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From: Gennadiy Rozental (gennadiy.rozental_at_[hidden])
Date: 2004-04-06 22:01:26

> > > On the other hand policy is something that is orthogonal to the
> > > primary type (actually in policy based design there may not be any
> > > primary type, but just an orthogonal policies), IOW you could use
> > > different policies in conjunction with the same type. And natural
> > > place for the policy is along with type in component definition among
> > > the template parameters.
> >
> > You seem to be arguing that
> >
> > template<typename T, typename U = traits<T> >
> > class Foo { };
> >
> > is wrong because it blurs the distinction between traits and policies. I
> I think Gennadiy would agree that this is fine because U is a
> policy template parameter defined to use at least a subset of
> traits' interface.

I agree. It may even theoretically be possible that Foo uses U interface
that has nothing to do with trait<T> being the trait.
But! It would make me very wary. Even though I admit above is possible, in
most cases it's sign of incorrect design.

> If U isn't well-defined and traits becomes
> the definition of U, even though Foo doesn't use all of traits'
> interface, then the design of Foo is poor. That would seem to be
> the case with std::basic_string and std::char_traits. I haven't
> looked at the implementation with this in mind, but I'm guessing
> that std::basic_string doesn't use all of std::char_traits
> interface, and yet the "traits" parameter of std::basic_string
> isn't defined separately.

I am not sure where you going with "doesn't use all of std::char_traits"
IMO it does not matter which part if char_traits interface basic_string is
using.. In any case it should've referred to it by name and not through
template parameter.

> > say "so what?" If the problem is best solved by blurring these ideas,
> > blur away. No one seems to have yet been able to define "traits" and
> > "policies" very well anyway, so what are we blurring?
> *If* there is value, as I of course think there is, in
> maintaining a distinction for accuracy in discourse, then we're
> needlessly combining separate notions. If few think the
> distinction is important, then we should simply choose one or the
> other term to avoid confusion.
> > On 1/3/2004, you wrote
> >
> > > I've expressed my opinion in the matter before: Traits - as name
> > > suggest could not be policy. IOW should not be template parameters.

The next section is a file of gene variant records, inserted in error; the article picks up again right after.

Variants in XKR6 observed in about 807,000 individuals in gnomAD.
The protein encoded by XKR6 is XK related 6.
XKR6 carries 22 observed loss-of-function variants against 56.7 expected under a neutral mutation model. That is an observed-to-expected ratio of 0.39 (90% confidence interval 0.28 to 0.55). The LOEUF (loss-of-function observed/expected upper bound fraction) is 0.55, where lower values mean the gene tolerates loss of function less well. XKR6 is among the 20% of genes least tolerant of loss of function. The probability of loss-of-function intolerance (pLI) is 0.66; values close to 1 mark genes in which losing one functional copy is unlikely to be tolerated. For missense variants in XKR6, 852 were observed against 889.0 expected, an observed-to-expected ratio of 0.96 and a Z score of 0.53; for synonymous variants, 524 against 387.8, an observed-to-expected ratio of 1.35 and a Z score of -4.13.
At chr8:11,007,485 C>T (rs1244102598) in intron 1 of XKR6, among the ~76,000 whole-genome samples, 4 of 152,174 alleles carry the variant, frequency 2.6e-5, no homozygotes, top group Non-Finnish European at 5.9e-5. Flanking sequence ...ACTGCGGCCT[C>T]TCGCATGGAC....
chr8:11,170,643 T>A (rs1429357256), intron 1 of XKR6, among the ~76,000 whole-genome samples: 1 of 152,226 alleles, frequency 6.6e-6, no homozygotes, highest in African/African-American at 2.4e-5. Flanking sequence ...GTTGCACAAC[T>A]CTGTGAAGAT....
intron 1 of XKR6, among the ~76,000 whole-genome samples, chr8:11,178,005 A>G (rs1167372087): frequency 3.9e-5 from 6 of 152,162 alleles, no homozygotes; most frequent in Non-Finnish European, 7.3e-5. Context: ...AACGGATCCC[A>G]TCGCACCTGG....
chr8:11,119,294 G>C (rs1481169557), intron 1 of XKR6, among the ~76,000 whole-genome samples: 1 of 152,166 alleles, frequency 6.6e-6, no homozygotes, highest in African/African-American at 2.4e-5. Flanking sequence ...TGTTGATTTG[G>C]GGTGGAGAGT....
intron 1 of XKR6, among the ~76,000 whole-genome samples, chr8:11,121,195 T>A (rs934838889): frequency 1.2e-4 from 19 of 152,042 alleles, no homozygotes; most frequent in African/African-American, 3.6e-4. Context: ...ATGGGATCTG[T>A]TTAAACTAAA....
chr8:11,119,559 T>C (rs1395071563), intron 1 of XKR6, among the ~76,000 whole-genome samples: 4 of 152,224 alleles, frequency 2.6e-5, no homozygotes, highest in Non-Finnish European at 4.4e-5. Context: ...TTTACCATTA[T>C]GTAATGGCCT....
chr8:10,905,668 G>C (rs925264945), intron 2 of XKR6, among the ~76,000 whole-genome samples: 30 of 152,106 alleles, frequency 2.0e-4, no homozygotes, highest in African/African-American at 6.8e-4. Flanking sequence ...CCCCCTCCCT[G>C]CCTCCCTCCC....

> > > Traits are type specific and an ability to supply them independently
> > > to the primary type in most cases leads to invalid/too complicated
> > > design.
> >
> > The way I read this, your use of "most cases" means you agree there are
> > some cases where the above use of traits passed into a template is
> > justified and acceptable. This seems to contradict the idea above that
> > traits can never be used this way. Can you clarify please?
> If an existing traits class provides (at least) the interface
> needed for a template's policy class, then using the traits class
> as that policy should be fine. The fact that the template
> parameter is a policy means that the template is allowing for
> other implementations of that interface. That doesn't make the
> traits class any less the one definition of those traits. Put
> another way, any other classes implemented to be used as the
> template's policy argument won't be used as traits; they'll only
> be used as the template's arguments.
> The distinction provides some clarity when using the phrases
> "traits class" or "policy class." When someone says "policy
> class," you immediately know that they mean something passed as a
> template argument or the template parameter used within the
> template to effect behavioral changes. When someone says "traits
> class," you immediately know that they mean something
> customizable for each distinct type, but not for each template
> wishing to use it. Those are quite different things and
> disambiguiating them via different names is sensible.

Very true.


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